Lindsay Tanner's rant isn't helpful for Labor
Lindsay Tanner has released a new book. Photo: Justin McManus
Former politicians trashing their own party to sell a book is a bit rich. Especially when the retired MP owes his or her career to the party's patronage. And double the opprobrium when he or she is drawing a handsome parliamentary pension, on the public dime.
Enter Lindsay Tanner.
Any discussion about his current rant about the Labor Party must first give him credit for making the threshold decision to leave the team as a matter of principle.
Labor needs thinkers like Tanner and his departure was a big loss to the government.
That loss was compounded when his retirement heralded a win by the Greens' Adam Bandt in the inner Melbourne seat.
Tanner announced his retirement in Parliament during Julia Gillard's first question time as Prime Minister.
The message about the coup was clear. He stood by his principles which dictated he couldn't work with the new PM.
This year, when Rudd challenged to regain the leadership, the bid was supported by another cabinet member, Chris Bowen.
After that failure, Bowen did not believe he had to resign from cabinet led by the person he did not think was the best one to be PM. His punishment was to continue in the immigration portfolio and be forced to maintain cabinet solidarity.
We await his book when he retires some years hence.
Mark Latham shone brightly in the art of biting the hand that fed him so well for so many years.
His caustic observations of colleagues was published as The Latham Diaries.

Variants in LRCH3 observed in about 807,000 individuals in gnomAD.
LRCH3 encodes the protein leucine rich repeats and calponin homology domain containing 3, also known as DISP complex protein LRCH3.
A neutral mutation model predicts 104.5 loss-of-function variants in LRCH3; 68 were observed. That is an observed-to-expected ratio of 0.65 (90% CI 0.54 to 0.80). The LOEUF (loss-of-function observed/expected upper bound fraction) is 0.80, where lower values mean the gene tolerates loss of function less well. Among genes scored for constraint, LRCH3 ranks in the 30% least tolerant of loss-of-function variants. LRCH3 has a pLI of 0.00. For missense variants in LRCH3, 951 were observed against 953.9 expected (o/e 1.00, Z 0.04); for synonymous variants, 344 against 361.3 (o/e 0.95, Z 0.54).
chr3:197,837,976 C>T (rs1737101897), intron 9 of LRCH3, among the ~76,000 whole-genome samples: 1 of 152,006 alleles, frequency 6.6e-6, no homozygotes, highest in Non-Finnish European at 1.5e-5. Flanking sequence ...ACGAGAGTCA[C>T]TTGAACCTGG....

In late 2010, he observed that ''the lasting impression from the Rudd years is one of emptiness'' and described Rudd's prime ministership as an exercise in populism. His conclusion was that Labor had lost its way.
''I'm a hater,'' Latham is quoted as saying in 2002. A decade later the emotion was reciprocated by his former colleagues.
Now comes Tanner's book - arriving just as Labor is showing signs of a mild recovery in the polls.
Gillard is clearing the decks of troublesome issues, preparing to begin a major campaign from February to win back the hearts and minds of disillusioned Labor supporters before the election.
Despite that, the party has the capacity to rip itself apart.
Tanner insists he is not trying to kick-start a renewed campaign to return Rudd to the leadership.
And that argument is believable - Tanner is too far removed now to have influence within caucus.
But the core thrust of his criticism is a searing indictment of Labor's style and, by implication, Gillard's leadership style.
He denies the latter.
Party members-cum-critics before him have wailed over Labor's capitulation to pragmatism over principle. Their prime exhibit is the government's enthusiastic embrace of much of John Howard's Pacific Solution to deal with asylum seekers.
Tanner's arguments are credible because he was at the heart of cabinet decision-making.
And that was a mess, according to his book, which points to a collapse of process.
But in interviews to promote the book, he says extreme and grossly exaggerated statements were made by cabinet colleagues about Rudd's management style. They were possibly the most vicious series of public attacks on a minister ever.
Well, which is correct? Does he believe cabinet was dysfunctional under Rudd, or not?